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 and took part in the Mississippi campaign of Gen. Jos. E. Johnston. In December, 1863, he was especially honored by President Davis, by assignment to command of the Indian Territory. He soon brought about a complete reorganization, enlisted and equipped 8,000 men, and, in 1864, with these troops, advanced to the assistance of Gen. Sterling Price during the Red river campaign. At Poison Spring, on April 8, 1864, he made a most brilliant and effective attack on a part of the army of Gen. Frederick Steele, and captured the Federal wagon train and many prisoners. This victory won for him promotion to major-general. Returning to command in the Territory, he also performed the duties of superintendent of Indian affairs. He directed many important military movements, and it was under his orders that Gen. Stand Watie (a Cherokee Indian) and General Gano made large and important captures. He was given command of a cavalry division in 1865. Returning to the practice of law, after the close of the war, he was elected Supreme court judge, which office he declined. In 1874 he was elected to the United States Senate, took his seat March 5, 1875, and was re-elected January 25, 1881. While in the Senate, he efficiently served on the committees on Territories, on military operations, on education and labor, and was chairman of the committee on postoffices. His labors to secure frontier protection were of great value. He advocated liberal appropriations for the improvement of rivers and harbors, the enlargement of postal facilities, and was the author of a bill which was the first to assert the right of way to railroads through Indian Territory, to facilitate immigration and commerce.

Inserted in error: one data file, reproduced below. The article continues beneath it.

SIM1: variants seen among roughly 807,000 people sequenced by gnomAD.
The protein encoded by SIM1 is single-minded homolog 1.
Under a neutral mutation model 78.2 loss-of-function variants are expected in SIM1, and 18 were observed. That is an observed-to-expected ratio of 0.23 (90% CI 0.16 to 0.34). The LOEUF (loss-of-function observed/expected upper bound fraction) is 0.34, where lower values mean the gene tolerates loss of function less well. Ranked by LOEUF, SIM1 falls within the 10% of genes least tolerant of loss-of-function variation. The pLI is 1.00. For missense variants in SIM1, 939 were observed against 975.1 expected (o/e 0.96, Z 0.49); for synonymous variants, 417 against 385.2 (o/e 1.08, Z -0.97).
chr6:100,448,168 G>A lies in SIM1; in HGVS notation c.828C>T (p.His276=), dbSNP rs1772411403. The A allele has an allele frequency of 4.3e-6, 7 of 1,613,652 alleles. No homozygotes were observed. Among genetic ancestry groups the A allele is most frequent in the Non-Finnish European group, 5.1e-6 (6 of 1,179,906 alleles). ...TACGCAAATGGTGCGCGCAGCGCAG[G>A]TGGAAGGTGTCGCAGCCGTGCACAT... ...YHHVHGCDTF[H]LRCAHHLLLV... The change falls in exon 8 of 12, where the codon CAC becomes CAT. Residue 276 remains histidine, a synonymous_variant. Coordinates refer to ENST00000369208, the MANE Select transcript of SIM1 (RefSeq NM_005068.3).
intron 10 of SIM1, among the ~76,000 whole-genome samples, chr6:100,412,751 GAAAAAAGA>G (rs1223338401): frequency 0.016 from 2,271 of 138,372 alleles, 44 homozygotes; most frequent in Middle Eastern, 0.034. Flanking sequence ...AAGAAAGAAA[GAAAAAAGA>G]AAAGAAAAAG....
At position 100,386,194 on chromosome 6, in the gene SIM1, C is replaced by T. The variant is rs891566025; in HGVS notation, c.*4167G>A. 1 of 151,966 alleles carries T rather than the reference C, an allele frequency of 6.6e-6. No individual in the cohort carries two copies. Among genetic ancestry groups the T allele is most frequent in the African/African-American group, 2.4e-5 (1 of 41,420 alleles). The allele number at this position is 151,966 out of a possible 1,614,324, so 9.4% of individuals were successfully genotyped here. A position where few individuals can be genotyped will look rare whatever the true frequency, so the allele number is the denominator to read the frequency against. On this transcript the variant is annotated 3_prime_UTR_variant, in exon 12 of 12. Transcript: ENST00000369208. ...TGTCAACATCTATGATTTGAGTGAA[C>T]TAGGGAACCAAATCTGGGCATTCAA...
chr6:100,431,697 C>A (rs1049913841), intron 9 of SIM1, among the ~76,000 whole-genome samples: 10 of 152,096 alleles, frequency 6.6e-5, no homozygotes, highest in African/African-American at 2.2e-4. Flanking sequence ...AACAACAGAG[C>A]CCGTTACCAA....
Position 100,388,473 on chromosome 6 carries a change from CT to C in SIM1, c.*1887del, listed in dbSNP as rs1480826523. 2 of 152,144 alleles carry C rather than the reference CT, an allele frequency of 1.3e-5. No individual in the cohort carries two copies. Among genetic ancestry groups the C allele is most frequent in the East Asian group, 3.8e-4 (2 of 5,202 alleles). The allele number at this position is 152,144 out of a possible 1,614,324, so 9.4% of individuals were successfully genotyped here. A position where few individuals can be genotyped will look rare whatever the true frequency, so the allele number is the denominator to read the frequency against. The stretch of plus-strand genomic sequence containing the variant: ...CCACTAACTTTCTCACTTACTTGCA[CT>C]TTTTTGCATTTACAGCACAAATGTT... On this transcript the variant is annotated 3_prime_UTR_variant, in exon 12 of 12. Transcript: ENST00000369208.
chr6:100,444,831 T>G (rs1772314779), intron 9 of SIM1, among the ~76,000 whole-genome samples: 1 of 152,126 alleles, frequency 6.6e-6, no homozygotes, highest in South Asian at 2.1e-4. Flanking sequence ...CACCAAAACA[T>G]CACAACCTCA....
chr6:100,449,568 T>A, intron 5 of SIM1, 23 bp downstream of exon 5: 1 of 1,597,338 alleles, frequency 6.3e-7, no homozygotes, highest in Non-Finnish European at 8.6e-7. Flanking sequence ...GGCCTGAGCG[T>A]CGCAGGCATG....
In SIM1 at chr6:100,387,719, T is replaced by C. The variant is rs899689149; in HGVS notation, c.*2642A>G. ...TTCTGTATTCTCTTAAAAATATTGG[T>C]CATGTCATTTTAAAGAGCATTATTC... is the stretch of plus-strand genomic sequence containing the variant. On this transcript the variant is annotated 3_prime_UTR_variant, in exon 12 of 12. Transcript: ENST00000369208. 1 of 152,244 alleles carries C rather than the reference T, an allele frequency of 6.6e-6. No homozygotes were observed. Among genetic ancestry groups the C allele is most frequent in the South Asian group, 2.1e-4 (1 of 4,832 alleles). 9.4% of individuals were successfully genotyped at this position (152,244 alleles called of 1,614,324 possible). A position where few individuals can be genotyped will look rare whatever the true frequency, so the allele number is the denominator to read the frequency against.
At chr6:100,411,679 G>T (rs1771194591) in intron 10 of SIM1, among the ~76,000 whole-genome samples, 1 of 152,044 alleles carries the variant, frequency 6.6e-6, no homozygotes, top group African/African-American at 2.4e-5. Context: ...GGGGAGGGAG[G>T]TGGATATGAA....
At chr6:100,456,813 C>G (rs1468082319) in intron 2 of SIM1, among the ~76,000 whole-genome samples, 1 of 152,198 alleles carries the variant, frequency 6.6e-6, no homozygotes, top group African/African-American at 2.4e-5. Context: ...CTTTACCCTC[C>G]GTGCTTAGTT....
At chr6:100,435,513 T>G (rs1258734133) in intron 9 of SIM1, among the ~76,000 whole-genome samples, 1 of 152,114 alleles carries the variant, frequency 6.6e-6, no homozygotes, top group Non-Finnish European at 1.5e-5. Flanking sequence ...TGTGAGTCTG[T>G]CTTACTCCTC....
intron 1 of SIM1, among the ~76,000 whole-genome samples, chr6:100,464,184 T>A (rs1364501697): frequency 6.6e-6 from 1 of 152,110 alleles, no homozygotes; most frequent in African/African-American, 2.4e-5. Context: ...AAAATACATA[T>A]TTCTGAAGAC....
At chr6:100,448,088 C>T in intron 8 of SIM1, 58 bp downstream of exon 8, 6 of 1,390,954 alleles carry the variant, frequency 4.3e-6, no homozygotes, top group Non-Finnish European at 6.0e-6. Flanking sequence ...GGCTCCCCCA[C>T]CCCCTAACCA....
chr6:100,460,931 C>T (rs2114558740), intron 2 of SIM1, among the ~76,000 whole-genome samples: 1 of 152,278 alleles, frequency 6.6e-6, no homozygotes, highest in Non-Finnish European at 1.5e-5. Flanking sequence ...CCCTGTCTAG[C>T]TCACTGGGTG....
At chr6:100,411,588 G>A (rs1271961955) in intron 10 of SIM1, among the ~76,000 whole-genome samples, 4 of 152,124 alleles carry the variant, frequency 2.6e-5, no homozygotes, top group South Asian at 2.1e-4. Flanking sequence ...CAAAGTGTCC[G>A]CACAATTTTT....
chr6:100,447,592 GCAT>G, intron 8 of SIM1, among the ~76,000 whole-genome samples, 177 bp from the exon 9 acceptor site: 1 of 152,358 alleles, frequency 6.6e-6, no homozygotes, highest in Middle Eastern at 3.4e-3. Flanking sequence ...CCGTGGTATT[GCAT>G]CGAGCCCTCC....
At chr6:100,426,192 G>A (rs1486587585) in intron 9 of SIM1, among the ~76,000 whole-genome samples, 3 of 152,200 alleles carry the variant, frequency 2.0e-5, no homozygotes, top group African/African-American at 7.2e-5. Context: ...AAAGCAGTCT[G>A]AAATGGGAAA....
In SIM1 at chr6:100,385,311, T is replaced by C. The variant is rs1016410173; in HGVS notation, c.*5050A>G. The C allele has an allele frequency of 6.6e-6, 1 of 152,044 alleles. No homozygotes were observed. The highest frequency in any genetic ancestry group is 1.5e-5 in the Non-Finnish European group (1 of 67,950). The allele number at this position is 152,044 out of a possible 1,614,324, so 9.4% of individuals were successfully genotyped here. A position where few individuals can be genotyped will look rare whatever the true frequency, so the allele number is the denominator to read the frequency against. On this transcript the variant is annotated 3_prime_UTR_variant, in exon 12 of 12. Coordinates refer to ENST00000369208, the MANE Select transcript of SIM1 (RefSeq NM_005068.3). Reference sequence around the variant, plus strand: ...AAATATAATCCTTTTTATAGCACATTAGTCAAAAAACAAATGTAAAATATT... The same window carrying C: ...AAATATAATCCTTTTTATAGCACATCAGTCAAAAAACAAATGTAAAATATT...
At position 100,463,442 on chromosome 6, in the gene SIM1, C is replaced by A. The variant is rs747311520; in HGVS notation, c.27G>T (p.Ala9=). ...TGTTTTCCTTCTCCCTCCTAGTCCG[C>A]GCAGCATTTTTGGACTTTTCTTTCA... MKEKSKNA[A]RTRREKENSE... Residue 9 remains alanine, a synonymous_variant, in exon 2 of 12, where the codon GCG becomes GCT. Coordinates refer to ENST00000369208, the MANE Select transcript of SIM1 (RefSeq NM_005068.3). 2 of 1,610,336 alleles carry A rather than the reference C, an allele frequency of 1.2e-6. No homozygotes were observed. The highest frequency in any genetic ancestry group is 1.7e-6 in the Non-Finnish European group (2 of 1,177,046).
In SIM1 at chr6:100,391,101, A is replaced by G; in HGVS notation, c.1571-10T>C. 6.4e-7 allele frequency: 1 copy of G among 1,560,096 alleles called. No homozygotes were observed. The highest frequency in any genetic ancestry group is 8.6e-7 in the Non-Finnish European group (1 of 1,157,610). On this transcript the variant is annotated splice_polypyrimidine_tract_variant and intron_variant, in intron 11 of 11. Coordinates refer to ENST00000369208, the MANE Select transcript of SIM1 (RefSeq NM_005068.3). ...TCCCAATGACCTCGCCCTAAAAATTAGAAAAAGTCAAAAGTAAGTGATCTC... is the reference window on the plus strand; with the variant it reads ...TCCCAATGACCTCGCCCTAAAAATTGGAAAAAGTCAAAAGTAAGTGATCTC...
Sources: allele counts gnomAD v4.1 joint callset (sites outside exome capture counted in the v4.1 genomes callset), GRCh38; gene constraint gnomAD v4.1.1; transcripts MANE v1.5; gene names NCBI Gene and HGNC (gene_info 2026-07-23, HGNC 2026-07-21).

Brigadier-General John C. Moore was born in Tennessee and was appointed from that State to the United States military academy, entering that institution July 1, 1845, and four years later graduating, with promotion to brevet second lieutenant of the Fourth artillery. He
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